Lupagen is teaming up with a Seattle-based preclinical biopharmaceutical startup to change the way cancer is treated.
The Dallas-based medical device and gene therapy company has entered into a new collaboration with Umoja Biopharma to use its therapeutic delivery technology to place targeted, cell-changing immunotherapies inside a patient at the bedside.
“We have a bridge to the future of in vivo therapies, because we offer an alternative delivery modality,” Lupagen CEO Nipon Das told Dallas Innovates. “We can allow a situation where you can use a lower-dose product, because we concentrate the target cells in one place.”
Tackling cost and complexity
As part of the move, Lupagen will use its drug delivery system, which removes blood from a patient’s body, separating it into subsets and combining it with Umoja’s immune cell reprogramming therapeutics that target solid tumors and cancers that start in blood-forming tissues. Das likens the process to a dialysis treatment.
“We’re able to deliver different types of gene therapies in a closed system. All of the targeting and all the binding happens in our system, then it gets transported back to the patient,” Das said. “There’s a wide range of different types of indications we can go after.”
Das said that by using in vivo treatments, as opposed to ex vivo—where blood is shipped to a specialized lab for making customized cell therapy before being replaced in a patient’s body—the cost of using Lupagen’s system is cheaper. By using a patient’s own blood cells, the likeliness of the body rejecting the therapy is reduced. And by being specifically targeted to an individual patient, less drugs are needed, resulting in fewer negative side effects, Das added.
“The biggest challenges that the cell and gene therapy community is facing are cost and complexity of production,” Das said.
While testing the efficacy of the delivery system for Umoja’s therapy, Lupagen has agreed to not develop or commercialize its device for the delivery of viral vectors in the oncology field. In turn, Umoja retains the right to an exclusive global deal to develop Lupagen’s device in the field of oncology.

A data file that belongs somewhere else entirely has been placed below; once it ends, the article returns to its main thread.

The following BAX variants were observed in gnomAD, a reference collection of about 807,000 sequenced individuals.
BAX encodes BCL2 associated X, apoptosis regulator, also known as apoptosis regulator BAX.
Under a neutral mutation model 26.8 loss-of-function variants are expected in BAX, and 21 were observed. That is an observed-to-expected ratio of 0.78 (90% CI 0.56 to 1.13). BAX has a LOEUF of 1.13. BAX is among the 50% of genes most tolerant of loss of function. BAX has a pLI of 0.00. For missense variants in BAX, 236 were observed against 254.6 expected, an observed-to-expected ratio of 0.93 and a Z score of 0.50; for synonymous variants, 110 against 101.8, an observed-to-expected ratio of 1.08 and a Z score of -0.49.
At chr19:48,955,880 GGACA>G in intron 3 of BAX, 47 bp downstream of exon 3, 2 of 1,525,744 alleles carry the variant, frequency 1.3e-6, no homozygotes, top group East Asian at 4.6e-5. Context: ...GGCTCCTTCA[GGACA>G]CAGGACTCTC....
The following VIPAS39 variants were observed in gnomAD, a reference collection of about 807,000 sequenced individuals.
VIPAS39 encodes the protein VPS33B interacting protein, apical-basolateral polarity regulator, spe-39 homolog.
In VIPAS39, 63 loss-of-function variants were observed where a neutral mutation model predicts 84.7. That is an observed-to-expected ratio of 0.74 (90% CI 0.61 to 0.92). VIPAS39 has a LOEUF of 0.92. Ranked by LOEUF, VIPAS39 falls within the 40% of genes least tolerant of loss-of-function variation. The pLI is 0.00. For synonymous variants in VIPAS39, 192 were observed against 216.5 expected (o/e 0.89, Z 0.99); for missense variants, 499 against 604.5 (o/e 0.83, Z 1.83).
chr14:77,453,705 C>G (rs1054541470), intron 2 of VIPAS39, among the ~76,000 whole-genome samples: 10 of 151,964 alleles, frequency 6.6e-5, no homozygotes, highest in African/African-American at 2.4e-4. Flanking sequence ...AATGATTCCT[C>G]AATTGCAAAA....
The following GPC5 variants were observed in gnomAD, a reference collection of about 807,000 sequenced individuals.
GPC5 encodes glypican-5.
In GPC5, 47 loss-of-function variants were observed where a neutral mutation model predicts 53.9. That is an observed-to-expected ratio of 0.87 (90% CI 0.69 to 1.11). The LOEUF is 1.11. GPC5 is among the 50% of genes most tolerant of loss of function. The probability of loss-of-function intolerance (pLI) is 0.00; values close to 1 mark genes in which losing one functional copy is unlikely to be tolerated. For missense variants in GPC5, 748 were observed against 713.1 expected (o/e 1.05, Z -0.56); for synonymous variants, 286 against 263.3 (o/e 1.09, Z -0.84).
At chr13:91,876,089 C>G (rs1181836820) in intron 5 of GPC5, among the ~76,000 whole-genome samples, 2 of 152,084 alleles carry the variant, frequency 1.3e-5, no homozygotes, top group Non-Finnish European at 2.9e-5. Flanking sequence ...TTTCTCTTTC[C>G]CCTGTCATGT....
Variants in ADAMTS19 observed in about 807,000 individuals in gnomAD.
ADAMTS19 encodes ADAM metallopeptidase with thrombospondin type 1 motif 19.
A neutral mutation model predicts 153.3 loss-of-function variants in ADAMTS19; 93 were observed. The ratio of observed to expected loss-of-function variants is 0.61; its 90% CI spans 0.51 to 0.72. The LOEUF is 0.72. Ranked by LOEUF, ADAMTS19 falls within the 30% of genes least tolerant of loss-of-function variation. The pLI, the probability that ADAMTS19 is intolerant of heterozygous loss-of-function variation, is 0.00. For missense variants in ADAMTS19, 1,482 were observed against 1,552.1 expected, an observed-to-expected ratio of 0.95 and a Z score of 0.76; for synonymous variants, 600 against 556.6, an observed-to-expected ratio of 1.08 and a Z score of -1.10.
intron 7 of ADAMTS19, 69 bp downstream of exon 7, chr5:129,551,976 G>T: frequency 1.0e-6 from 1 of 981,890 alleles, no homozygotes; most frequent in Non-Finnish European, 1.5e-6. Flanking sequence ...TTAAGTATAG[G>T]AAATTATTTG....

Das said that through other development contracts and collaborations like the one with Umoja, Lupagen has been able to fund itself without taking on an institutional money. Umoja has gone a different route, raising a $210 million Series B funding round co-led by SoftBank Vision Fund 2 and Cormorant Asset Management last June, which helped it break ground on a new 146,000-square-foot development and manufacturing facility in Colorado.
“We’ve been benefiting from the fact that the industry has also been learning,” Das said. “There’s this explosion of different types of in vivo therapy, and I think as developers realize that there are certain challenges or certain areas they’d like to optimize, we fill a small niche of being able to complement some of their clinical programs.”
Lupagen has its own therapeutics program
While Lupagen is working with Umoja on controlled viral vector targeting of T cells, Das said Lupagen’s device is able to take any type of peripheral blood mononuclear cells and target those for a number of other things like other autoimmune and protein deficiency disorders. In addition, the company has its own internal therapeutic program, using lipid nanoparticles, polymeric nanoparticles, and other non-viral delivery systems.
Lupagen was founded in 2017 and has grown to a team of about twelve. Das said a small team runs the company’s business operations from a space in the Cypress Waters development in Coppell, with its biological work taking place remotely and its hardware engineering team working in the Chicago area.
Looking ahead, Das said the company plans to build out its biology team, likely in the Dallas or Chicago area, depending on where Lupagen is able to source new talent.
“The potential for the cell and gene therapies to address a wider group of patients, a wider range of indications, is really today constrained by a lot of the cost of production and development,” Das said. “If we can bring the cost of goods down to be at parity with current small molecules, biologics, or monoclonal antibodies, it opens up the aperture to treat a wider group of patients, a wider group of indications, versus just being reserved for very niche and rare.”
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